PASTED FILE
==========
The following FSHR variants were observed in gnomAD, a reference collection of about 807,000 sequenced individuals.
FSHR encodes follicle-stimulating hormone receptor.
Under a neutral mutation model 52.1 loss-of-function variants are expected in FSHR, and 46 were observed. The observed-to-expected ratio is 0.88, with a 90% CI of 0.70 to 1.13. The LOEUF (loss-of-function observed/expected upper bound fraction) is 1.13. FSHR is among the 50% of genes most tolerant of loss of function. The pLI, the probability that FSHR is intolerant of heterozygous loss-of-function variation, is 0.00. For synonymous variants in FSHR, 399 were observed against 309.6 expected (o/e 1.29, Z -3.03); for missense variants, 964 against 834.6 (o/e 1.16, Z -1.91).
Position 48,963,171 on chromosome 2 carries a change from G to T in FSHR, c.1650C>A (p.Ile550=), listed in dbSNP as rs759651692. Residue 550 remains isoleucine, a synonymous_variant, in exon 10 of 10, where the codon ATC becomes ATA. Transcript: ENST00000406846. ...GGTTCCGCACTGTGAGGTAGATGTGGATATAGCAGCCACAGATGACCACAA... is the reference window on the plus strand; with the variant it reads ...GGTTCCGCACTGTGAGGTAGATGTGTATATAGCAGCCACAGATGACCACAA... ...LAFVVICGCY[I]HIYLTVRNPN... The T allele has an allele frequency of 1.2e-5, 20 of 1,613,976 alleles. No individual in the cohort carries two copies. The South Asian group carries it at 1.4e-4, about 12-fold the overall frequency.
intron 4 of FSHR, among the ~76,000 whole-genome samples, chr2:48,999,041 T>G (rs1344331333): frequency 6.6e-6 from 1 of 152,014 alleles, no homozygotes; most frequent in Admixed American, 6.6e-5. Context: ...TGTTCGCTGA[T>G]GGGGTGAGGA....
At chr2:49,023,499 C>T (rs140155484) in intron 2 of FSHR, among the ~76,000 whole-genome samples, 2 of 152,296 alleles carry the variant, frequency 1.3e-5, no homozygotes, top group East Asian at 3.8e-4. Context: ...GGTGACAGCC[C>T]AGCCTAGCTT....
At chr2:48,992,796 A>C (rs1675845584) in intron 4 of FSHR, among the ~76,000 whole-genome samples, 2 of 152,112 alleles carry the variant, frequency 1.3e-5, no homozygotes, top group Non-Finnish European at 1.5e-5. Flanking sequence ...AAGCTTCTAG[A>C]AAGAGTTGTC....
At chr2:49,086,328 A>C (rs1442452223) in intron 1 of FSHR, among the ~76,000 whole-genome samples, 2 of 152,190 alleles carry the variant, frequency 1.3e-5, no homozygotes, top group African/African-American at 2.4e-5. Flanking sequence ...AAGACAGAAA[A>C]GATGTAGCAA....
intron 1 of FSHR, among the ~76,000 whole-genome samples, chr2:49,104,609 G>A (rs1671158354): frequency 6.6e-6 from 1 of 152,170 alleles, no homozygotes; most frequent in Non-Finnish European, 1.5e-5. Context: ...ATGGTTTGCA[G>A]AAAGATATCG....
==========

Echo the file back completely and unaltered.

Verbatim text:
The following FSHR variants were observed in gnomAD, a reference collection of about 807,000 sequenced individuals.
FSHR encodes follicle-stimulating hormone receptor.
Under a neutral mutation model 52.1 loss-of-function variants are expected in FSHR, and 46 were observed. The observed-to-expected ratio is 0.88, with a 90% CI of 0.70 to 1.13. The LOEUF (loss-of-function observed/expected upper bound fraction) is 1.13. FSHR is among the 50% of genes most tolerant of loss of function. The pLI, the probability that FSHR is intolerant of heterozygous loss-of-function variation, is 0.00. For synonymous variants in FSHR, 399 were observed against 309.6 expected (o/e 1.29, Z -3.03); for missense variants, 964 against 834.6 (o/e 1.16, Z -1.91).
Position 48,963,171 on chromosome 2 carries a change from G to T in FSHR, c.1650C>A (p.Ile550=), listed in dbSNP as rs759651692. Residue 550 remains isoleucine, a synonymous_variant, in exon 10 of 10, where the codon ATC becomes ATA. Transcript: ENST00000406846. ...GGTTCCGCACTGTGAGGTAGATGTGGATATAGCAGCCACAGATGACCACAA... is the reference window on the plus strand; with the variant it reads ...GGTTCCGCACTGTGAGGTAGATGTGTATATAGCAGCCACAGATGACCACAA... ...LAFVVICGCY[I]HIYLTVRNPN... The T allele has an allele frequency of 1.2e-5, 20 of 1,613,976 alleles. No individual in the cohort carries two copies. The South Asian group carries it at 1.4e-4, about 12-fold the overall frequency.
intron 4 of FSHR, among the ~76,000 whole-genome samples, chr2:48,999,041 T>G (rs1344331333): frequency 6.6e-6 from 1 of 152,014 alleles, no homozygotes; most frequent in Admixed American, 6.6e-5. Context: ...TGTTCGCTGA[T>G]GGGGTGAGGA....
At chr2:49,023,499 C>T (rs140155484) in intron 2 of FSHR, among the ~76,000 whole-genome samples, 2 of 152,296 alleles carry the variant, frequency 1.3e-5, no homozygotes, top group East Asian at 3.8e-4. Context: ...GGTGACAGCC[C>T]AGCCTAGCTT....
At chr2:48,992,796 A>C (rs1675845584) in intron 4 of FSHR, among the ~76,000 whole-genome samples, 2 of 152,112 alleles carry the variant, frequency 1.3e-5, no homozygotes, top group Non-Finnish European at 1.5e-5. Flanking sequence ...AAGCTTCTAG[A>C]AAGAGTTGTC....
At chr2:49,086,328 A>C (rs1442452223) in intron 1 of FSHR, among the ~76,000 whole-genome samples, 2 of 152,190 alleles carry the variant, frequency 1.3e-5, no homozygotes, top group African/African-American at 2.4e-5. Flanking sequence ...AAGACAGAAA[A>C]GATGTAGCAA....
intron 1 of FSHR, among the ~76,000 whole-genome samples, chr2:49,104,609 G>A (rs1671158354): frequency 6.6e-6 from 1 of 152,170 alleles, no homozygotes; most frequent in Non-Finnish European, 1.5e-5. Context: ...ATGGTTTGCA[G>A]AAAGATATCG....